AACO members offered access to global ULD pool

Arab airlines are to be offered common access to a global ULD pool through a deal signed between AACO and Unitpool.

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By  Neil Denslow Published  December 30, 2003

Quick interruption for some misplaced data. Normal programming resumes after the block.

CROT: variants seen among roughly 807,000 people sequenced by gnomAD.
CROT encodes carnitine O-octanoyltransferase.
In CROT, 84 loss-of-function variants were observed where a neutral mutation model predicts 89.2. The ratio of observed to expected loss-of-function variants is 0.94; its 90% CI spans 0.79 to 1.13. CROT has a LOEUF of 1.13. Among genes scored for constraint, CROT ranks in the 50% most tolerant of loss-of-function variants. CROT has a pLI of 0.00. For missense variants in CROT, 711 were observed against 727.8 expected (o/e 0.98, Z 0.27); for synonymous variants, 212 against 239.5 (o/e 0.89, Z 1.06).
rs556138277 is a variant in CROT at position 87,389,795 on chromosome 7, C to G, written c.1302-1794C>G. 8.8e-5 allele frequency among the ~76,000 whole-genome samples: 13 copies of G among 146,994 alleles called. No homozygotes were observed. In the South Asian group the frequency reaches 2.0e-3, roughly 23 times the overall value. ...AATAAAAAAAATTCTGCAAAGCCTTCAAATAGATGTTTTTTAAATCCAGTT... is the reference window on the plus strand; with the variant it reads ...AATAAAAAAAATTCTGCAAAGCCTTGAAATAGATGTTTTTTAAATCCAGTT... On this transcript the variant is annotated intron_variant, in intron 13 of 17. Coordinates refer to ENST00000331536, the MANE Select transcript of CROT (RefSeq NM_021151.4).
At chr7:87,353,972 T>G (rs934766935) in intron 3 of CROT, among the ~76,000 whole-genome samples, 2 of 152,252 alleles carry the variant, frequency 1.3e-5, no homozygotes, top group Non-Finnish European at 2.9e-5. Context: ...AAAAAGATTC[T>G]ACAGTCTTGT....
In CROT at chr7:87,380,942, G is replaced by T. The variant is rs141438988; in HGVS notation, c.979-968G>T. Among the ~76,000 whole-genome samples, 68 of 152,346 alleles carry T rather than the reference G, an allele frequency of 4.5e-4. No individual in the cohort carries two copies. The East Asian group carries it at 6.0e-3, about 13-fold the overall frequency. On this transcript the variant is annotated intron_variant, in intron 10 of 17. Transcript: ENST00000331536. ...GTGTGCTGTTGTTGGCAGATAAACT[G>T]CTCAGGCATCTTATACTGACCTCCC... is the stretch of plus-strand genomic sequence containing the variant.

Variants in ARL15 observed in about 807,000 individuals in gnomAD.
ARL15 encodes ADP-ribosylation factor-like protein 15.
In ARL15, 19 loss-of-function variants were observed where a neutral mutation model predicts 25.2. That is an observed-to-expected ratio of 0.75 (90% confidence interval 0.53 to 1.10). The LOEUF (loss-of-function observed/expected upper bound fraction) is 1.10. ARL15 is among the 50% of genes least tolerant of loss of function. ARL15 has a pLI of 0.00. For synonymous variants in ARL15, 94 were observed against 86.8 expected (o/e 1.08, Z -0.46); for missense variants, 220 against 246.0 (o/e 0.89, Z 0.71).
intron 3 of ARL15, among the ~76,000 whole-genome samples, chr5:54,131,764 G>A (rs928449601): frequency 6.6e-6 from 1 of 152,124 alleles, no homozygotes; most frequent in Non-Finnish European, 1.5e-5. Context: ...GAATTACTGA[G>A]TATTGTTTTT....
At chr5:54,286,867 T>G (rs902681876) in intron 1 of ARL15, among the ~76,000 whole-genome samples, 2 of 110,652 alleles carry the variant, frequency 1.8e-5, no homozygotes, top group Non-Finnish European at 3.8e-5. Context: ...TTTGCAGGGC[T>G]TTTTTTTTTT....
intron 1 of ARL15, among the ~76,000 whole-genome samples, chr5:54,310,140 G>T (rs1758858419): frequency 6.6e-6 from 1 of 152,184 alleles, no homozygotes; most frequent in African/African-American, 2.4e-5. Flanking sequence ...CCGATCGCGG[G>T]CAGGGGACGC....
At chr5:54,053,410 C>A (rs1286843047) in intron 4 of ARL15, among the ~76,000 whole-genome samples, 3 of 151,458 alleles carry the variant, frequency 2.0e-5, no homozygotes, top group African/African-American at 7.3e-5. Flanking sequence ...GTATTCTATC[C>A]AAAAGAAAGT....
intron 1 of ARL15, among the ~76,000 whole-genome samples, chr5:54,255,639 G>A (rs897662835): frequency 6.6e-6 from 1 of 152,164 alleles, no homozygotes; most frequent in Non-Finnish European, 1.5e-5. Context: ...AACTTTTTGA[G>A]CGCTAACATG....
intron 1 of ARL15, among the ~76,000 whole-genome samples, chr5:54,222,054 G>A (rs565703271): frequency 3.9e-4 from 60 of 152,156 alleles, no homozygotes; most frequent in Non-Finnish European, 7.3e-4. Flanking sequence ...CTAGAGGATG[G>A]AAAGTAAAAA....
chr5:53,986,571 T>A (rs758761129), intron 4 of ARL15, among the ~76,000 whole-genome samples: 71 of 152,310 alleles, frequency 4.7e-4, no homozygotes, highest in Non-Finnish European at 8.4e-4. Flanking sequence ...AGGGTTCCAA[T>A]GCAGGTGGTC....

Arab airlines are to be offered common access to a global ULD pool through a deal signed between AACO and Unitpool. AACO members will also benefit from the fact that under the agreement with the ULD management company, the price of the service will fall, as more of them sign up for it. At present, the majority of airlines around the world own their own ULDs. However, tracking the large number of units used creates a management headache for the carrier, and the inefficient use of the ULDs means that airlines end up owning too many of them. Pooling enables more effective use of ULDs, as a number of carriers share the units between them. “Because of the consequence of pooling the ULDs for a number of airlines, we can create synergies that enable each of the members to use less ULDs,” says Phillip Hill, managing director, Unitpool. “If you pool airlines together, then they will need 15-20% less ULDs [in total]. That obviously means that if they [the airlines] are buying the ULDs themselves then they are buying 15-20% more than they actually need,” he adds. Unitpool, which is 50% owned by Swissport, also frees carriers from the burden of looking after their own ULDs. The airline’s existing stock can be integrated into the central pool, and future requirements are then managed centrally. “We pool the ULDs for our airlines and we take on full responsibility for purchasing, repair and for globally controlling and managing the ULDs,” says Hill. To make the system work, Unitpool and a new member assess how many ULDs need to be available in each of the carrier’s stations. Unitpool then ensures that these agreed stock levels are met, which frees the carrier from this task. Presently, the company has ULDs in 150 stations around the world to serve its 20 existing members, which include Swiss, World Airways and SN Brussels Airlines. Within the region, Unitpool is convinced there are extensive cost savings to be generated for AACO members due to their overlapping networks. “There are great possibilities [in the region] because a number of AACO members are serving the same airports, such as Dubai and Beirut, for example” says Hill. “And the more airlines that are serving a common airport, then the greater the opportunity to create cost savings for them,” he adds. To encourage Arab carriers to sign up, Unitpool has agreed a special deal with AACO. Essentially, as more AACO airlines join the pool, the lower the cost of membership for them will become. As such, the company is hopeful of persuading a number of the region’s airlines to join its pool, but Hill says “even if three or four signed up we would be delighted with that.” The one stumbling block could be the fact that Unitpool’s ULDs are all neutrally branded, which prevents airlines from using the units to promote themselves. However, Hill says that carriers soon realise that the advantages of pooling more than compensate for this lost marketing opportunity. “The units have to be commonly branded so that any of the members can actually use them… and you do get some airlines that are rather protective of their brand. However, once they hook into the concept and understand the advantages then it doesn’t become such a major issue,” he adds.

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